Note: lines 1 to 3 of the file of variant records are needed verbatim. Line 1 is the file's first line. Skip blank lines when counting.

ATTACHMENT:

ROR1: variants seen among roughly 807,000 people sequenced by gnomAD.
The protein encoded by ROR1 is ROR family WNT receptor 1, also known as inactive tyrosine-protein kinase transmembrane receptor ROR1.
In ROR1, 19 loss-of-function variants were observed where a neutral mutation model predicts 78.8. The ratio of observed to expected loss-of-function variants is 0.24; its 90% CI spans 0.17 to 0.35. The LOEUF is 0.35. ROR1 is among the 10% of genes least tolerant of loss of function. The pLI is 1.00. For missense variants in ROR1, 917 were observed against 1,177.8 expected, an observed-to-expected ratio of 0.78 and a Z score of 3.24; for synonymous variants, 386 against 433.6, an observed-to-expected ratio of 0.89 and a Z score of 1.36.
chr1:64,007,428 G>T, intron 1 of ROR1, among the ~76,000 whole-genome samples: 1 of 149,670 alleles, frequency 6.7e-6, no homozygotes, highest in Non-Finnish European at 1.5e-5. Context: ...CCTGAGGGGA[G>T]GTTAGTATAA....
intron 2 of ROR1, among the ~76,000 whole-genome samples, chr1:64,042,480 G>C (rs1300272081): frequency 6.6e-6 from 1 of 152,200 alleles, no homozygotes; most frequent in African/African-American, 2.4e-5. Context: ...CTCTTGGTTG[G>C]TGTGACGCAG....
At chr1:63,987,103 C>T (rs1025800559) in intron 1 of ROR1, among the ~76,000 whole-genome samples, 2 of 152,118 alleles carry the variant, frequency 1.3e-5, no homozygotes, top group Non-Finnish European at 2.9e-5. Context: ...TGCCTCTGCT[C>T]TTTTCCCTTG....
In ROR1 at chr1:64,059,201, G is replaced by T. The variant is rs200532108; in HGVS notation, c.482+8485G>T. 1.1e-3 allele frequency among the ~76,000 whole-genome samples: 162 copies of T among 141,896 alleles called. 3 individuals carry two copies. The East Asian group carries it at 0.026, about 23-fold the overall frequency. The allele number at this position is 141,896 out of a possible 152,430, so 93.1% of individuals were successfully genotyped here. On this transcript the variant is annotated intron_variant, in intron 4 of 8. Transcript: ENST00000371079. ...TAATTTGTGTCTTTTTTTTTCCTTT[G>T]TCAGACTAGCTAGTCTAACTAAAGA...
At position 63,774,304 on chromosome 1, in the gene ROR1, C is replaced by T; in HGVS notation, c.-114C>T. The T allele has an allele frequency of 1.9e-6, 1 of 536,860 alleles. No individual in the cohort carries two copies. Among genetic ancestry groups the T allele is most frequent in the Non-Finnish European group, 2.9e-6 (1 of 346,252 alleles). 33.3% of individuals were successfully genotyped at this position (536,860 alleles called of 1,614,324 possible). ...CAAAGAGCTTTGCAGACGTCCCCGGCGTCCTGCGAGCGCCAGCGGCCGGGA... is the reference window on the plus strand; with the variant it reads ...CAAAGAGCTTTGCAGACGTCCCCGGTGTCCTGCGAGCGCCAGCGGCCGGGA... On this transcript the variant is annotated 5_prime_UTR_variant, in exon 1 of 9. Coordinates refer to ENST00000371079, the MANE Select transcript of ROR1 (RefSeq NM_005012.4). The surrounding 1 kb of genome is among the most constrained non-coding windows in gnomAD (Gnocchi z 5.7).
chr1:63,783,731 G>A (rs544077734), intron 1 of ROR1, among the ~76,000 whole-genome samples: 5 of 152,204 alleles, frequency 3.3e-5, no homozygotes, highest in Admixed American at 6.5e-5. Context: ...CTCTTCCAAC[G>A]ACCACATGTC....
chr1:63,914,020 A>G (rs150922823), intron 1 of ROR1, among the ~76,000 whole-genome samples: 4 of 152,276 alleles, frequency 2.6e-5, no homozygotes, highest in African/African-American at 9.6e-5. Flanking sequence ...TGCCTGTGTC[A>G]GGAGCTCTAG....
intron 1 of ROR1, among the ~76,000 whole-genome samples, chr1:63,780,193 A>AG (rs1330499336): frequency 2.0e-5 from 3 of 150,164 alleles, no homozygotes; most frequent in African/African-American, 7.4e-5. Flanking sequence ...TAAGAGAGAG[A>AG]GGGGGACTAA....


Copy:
ROR1: variants seen among roughly 807,000 people sequenced by gnomAD.
The protein encoded by ROR1 is ROR family WNT receptor 1, also known as inactive tyrosine-protein kinase transmembrane receptor ROR1.
In ROR1, 19 loss-of-function variants were observed where a neutral mutation model predicts 78.8. The ratio of observed to expected loss-of-function variants is 0.24; its 90% CI spans 0.17 to 0.35. The LOEUF is 0.35. ROR1 is among the 10% of genes least tolerant of loss of function. The pLI is 1.00. For missense variants in ROR1, 917 were observed against 1,177.8 expected, an observed-to-expected ratio of 0.78 and a Z score of 3.24; for synonymous variants, 386 against 433.6, an observed-to-expected ratio of 0.89 and a Z score of 1.36.